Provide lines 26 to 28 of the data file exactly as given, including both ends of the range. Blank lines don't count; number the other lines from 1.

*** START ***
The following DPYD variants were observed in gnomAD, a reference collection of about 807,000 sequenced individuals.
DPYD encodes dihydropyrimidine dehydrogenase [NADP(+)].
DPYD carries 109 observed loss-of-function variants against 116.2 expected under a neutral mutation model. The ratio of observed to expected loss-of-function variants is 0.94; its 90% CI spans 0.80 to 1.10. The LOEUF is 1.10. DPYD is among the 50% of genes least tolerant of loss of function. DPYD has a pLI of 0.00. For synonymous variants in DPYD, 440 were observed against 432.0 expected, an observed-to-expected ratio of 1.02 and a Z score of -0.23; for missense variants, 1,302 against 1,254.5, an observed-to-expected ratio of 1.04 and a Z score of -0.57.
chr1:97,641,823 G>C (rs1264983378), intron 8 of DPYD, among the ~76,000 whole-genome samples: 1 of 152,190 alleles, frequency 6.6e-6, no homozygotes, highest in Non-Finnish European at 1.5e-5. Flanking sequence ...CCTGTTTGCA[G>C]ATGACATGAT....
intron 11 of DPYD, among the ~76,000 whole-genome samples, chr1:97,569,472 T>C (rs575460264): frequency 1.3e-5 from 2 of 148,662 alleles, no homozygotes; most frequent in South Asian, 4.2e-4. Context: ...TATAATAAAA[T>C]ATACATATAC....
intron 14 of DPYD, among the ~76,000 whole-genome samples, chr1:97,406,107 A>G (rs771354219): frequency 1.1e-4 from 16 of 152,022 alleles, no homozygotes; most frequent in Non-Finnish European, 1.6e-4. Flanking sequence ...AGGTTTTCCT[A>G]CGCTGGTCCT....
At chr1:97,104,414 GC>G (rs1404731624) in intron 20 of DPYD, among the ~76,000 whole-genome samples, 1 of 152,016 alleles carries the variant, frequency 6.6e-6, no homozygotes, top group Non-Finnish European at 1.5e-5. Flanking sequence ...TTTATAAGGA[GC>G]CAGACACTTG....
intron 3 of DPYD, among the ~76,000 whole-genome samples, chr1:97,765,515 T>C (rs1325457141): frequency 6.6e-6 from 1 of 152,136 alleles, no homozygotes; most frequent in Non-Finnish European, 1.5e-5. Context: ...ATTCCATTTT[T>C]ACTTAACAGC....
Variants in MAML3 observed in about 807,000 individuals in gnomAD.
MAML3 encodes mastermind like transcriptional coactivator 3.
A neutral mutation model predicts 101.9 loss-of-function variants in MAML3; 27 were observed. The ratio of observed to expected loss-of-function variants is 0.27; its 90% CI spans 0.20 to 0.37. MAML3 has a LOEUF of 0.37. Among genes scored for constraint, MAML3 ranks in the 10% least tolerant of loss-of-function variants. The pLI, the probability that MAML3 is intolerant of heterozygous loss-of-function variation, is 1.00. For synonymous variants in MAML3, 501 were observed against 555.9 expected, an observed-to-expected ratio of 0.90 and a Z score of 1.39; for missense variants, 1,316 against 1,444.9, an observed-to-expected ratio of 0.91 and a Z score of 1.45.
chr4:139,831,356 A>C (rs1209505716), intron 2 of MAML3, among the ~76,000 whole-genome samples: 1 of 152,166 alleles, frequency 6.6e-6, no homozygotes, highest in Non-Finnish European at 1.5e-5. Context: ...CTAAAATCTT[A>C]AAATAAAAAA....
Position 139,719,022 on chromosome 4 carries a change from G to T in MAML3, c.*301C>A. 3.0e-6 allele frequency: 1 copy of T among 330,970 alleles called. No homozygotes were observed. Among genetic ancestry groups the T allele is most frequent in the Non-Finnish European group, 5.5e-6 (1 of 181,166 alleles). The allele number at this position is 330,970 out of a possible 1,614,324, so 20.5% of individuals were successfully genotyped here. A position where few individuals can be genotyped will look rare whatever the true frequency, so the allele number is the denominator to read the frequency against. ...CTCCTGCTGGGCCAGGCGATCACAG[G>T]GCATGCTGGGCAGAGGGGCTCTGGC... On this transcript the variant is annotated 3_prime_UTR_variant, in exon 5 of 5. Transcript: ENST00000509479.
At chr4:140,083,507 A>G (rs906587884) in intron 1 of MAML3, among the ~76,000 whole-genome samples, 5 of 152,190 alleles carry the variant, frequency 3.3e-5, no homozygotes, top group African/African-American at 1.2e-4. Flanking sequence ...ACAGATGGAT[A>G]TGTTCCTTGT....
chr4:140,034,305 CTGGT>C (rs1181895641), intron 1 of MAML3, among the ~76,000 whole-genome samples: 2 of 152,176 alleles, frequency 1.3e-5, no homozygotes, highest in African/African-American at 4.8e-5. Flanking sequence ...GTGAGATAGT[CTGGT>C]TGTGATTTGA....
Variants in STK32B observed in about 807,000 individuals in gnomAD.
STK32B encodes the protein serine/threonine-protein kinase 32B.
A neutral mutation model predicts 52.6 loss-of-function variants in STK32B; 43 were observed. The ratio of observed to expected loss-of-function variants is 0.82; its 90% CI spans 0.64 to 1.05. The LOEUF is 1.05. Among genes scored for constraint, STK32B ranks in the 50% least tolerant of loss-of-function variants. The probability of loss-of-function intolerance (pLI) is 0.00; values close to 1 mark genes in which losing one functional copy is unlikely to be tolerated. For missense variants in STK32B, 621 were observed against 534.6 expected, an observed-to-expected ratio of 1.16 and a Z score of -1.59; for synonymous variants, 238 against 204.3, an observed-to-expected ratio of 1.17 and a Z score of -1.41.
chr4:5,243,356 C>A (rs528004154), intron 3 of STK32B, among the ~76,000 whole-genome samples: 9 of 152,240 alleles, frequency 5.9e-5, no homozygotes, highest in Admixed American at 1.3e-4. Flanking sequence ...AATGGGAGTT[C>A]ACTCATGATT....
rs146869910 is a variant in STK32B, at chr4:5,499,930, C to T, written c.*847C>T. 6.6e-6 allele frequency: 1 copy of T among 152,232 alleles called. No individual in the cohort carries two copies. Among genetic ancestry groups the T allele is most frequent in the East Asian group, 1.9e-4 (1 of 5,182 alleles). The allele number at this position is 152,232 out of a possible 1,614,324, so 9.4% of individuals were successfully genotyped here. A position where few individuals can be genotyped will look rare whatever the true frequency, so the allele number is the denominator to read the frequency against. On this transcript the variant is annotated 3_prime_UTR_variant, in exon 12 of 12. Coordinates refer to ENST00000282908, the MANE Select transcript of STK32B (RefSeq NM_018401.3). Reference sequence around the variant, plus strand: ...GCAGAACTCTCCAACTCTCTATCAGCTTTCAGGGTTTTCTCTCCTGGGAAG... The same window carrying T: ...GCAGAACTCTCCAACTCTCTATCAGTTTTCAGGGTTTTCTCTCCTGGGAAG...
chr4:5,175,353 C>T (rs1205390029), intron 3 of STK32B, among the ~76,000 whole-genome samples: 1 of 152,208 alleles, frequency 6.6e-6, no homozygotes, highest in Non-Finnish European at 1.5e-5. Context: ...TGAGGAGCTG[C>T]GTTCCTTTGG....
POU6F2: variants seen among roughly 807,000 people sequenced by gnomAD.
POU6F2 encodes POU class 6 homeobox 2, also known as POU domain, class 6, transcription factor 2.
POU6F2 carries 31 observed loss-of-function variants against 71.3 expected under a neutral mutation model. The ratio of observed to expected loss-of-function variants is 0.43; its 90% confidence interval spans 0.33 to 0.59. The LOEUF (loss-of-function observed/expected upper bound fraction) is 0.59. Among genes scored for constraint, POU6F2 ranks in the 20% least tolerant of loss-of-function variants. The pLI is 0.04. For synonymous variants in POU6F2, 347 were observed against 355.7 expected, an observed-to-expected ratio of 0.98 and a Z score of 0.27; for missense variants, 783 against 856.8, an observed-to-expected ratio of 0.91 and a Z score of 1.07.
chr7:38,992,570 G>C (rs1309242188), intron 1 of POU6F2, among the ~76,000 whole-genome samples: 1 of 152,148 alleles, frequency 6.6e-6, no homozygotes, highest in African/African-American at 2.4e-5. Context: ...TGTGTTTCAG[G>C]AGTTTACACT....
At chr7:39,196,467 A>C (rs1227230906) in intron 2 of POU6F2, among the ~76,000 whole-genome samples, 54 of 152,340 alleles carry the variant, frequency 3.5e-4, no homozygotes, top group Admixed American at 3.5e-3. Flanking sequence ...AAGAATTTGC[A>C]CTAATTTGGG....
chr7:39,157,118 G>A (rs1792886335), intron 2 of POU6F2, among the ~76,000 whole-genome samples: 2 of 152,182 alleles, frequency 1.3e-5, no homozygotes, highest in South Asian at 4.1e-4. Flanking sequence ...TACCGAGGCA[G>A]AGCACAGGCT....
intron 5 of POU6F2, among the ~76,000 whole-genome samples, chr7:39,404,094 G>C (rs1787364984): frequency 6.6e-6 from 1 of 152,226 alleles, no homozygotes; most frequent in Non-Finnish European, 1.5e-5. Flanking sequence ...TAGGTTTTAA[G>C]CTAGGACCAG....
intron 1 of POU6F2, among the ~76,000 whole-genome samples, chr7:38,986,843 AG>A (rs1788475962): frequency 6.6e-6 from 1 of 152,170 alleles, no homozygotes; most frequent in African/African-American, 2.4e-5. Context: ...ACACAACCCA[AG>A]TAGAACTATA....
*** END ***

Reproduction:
At chr7:39,196,467 A>C (rs1227230906) in intron 2 of POU6F2, among the ~76,000 whole-genome samples, 54 of 152,340 alleles carry the variant, frequency 3.5e-4, no homozygotes, top group Admixed American at 3.5e-3. Flanking sequence ...AAGAATTTGC[A>C]CTAATTTGGG....
chr7:39,157,118 G>A (rs1792886335), intron 2 of POU6F2, among the ~76,000 whole-genome samples: 2 of 152,182 alleles, frequency 1.3e-5, no homozygotes, highest in South Asian at 4.1e-4. Flanking sequence ...TACCGAGGCA[G>A]AGCACAGGCT....
intron 5 of POU6F2, among the ~76,000 whole-genome samples, chr7:39,404,094 G>C (rs1787364984): frequency 6.6e-6 from 1 of 152,226 alleles, no homozygotes; most frequent in Non-Finnish European, 1.5e-5. Flanking sequence ...TAGGTTTTAA[G>C]CTAGGACCAG....